Blizzard, the company most famous for its long term MMORPG superstar World of Warcraft, has stepped out of its comfort zone this year with its release of Overwatch, a first person shooter that has worked its way to quite a few of the “top 10” lists of 2016. If you haven’t heard of Overwatch, you must be living under a rock, but you can refer to the trailer linked above for a good idea of what the game is.
Thankfully, Blizzard offered an open beta for gamers to check out the game before purchasing, and I got a chance to try it out for myself. This gave me an incredible insight into what the game would be, much more than I feel I’ve gotten from other betas. Most games can be taken at face value, with information hardly deviating from what you see in the trailers- minus the highly inaccurate cinematics that we all know we won’t see in the game itself.
Overwatch offers a new kind of experience. The different playable characters don’t just have different voices and poorly fleshed out backstories, they are completely different. They move differently, operate differently. The game itself follows Blizzard’s MMORPG history, and incorporates classes in a way I’ve never before experienced in a first person shooter. Each character can be classified into 4 different types; offense, defense, tank, and support. You will be told during match making whether you need more of a certain type, and the amount of a type of hero needed is highly dependent on game mode you’re playing in that moment.
Speaking of game modes, there are quite a few different kinds, though they hardly deviate from the usual FPS game modes. The maps are also quite beautiful and offer plenty of places to go, whether your hero builds turrets, snipes, or needs a place to hide nearby to heal tanks or offensive players.
While I am highly impressed by Overwatch, there are some downfalls. I’ve heard more than a few people complaining about OP characters, though this may be fixed before official release. Matchmaking can take quite a while, up to a minute including the amount of time given to choose characters, though some of this too may be a server problem that will be resolved post-beta. When it comes to game modes that require building and protecting an area and you happen to be on the offensive team, you’ll be waiting thirty seconds while the other team is allowed to prep, and that may be too much for certain gamers.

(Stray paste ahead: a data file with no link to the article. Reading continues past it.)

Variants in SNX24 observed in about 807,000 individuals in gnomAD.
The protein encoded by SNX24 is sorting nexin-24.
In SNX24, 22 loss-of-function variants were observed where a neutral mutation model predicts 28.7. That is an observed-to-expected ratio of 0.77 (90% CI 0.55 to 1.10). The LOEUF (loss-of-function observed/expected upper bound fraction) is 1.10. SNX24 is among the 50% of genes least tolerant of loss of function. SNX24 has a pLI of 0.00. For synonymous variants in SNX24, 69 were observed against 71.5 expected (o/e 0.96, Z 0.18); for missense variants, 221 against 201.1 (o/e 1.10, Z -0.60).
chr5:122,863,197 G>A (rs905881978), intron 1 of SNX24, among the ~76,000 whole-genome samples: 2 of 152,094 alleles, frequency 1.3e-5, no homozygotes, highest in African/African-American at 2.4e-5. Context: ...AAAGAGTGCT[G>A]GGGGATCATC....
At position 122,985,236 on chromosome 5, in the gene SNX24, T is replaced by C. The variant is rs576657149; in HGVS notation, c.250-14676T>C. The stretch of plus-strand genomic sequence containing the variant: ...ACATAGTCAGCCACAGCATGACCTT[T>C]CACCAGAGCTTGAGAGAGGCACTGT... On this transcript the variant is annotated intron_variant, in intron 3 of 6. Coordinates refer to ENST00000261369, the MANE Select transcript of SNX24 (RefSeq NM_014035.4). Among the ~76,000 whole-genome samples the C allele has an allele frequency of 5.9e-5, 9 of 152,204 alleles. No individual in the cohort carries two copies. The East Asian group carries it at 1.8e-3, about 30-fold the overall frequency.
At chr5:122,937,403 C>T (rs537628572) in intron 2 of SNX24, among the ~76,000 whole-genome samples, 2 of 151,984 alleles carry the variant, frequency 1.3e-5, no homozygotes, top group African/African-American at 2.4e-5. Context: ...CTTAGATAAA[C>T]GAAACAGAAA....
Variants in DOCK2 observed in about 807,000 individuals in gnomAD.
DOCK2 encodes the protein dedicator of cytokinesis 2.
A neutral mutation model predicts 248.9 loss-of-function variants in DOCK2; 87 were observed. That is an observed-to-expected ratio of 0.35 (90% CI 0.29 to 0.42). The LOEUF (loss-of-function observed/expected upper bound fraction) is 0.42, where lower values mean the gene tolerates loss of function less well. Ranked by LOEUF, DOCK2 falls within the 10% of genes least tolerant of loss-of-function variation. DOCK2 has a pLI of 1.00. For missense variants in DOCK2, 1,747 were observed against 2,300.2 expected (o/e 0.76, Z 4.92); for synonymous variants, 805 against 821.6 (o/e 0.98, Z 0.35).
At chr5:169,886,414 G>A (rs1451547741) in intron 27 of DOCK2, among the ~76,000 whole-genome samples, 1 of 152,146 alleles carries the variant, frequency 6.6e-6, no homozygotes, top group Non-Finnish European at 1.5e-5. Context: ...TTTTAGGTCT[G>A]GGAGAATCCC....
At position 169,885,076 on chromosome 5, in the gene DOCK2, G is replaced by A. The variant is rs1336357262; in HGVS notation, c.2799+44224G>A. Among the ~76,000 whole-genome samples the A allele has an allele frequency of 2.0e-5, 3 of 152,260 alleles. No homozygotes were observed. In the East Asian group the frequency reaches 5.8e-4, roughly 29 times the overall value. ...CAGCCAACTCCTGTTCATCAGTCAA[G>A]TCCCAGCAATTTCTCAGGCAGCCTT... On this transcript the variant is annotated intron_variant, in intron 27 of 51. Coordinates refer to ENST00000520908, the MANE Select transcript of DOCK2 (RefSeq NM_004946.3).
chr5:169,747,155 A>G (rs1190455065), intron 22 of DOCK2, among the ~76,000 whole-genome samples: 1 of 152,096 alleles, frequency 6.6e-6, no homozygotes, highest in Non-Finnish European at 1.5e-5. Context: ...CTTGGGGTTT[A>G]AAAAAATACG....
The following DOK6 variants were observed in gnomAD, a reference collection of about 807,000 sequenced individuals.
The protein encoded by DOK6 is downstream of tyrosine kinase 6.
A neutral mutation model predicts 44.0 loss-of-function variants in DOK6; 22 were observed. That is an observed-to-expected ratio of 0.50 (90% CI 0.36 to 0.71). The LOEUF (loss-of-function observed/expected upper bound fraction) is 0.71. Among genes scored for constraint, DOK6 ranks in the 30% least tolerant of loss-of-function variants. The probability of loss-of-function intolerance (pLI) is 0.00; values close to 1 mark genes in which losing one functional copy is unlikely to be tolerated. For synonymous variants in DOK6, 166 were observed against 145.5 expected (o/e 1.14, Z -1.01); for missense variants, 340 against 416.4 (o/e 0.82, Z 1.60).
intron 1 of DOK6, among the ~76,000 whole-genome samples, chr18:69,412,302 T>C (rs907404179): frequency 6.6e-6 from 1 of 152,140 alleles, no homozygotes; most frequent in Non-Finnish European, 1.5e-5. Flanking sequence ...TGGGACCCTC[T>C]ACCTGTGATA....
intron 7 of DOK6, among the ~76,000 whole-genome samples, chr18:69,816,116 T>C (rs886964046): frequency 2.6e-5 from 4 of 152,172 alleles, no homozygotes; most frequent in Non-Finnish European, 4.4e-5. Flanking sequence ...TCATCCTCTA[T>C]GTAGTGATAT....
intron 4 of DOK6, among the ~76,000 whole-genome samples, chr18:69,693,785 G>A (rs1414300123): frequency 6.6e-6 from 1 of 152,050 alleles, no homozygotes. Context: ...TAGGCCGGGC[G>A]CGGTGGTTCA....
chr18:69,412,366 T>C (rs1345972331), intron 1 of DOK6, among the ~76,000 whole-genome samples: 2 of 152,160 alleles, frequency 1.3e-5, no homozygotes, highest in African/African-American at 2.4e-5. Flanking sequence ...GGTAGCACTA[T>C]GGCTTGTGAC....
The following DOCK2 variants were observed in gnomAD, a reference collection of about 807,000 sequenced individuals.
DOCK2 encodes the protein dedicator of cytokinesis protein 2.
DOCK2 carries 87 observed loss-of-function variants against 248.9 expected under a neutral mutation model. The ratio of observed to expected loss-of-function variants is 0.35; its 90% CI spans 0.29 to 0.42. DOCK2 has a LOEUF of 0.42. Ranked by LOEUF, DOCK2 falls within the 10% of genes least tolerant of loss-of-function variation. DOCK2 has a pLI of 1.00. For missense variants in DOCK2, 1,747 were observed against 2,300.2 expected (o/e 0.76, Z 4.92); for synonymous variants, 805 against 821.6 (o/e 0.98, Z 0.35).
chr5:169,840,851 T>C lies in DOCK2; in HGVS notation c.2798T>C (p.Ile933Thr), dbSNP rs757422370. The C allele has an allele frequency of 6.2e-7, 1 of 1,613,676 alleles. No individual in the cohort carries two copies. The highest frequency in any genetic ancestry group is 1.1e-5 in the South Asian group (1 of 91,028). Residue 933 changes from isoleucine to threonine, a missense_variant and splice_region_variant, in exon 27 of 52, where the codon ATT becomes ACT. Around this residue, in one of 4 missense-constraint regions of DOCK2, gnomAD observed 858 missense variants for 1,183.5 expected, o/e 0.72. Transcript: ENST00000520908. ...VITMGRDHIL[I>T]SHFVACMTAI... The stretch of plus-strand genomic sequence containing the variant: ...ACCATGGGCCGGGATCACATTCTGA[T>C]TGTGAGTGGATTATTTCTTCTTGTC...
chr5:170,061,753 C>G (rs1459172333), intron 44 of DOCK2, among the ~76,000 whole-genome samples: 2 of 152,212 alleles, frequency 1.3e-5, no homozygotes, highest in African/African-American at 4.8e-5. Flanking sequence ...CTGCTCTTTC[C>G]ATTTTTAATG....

The largest problem I can see, though, is less of an issue with the game itself and more of a type of player. The amount of specialty in each and every character may make certain gamers less enthusiastic when joining the game, and they may be put off by the amount of work it will take to find the proper character for yourself. All the time I spent during the beta, and I still don’t feel as though I found a character I truly “loved” and would love to play on a regular basis. This will take hours, and with very little to encourage the less involved players, they may give up before finding their sweet spot when it comes to who they play best with. Also, since the teams operate like a guild would in an MMORPG, with each character playing a very important role on the team, finding a good team may be the best way to play, which may be hard for those gamers who are less social or whose friends who aren’t interested in the game.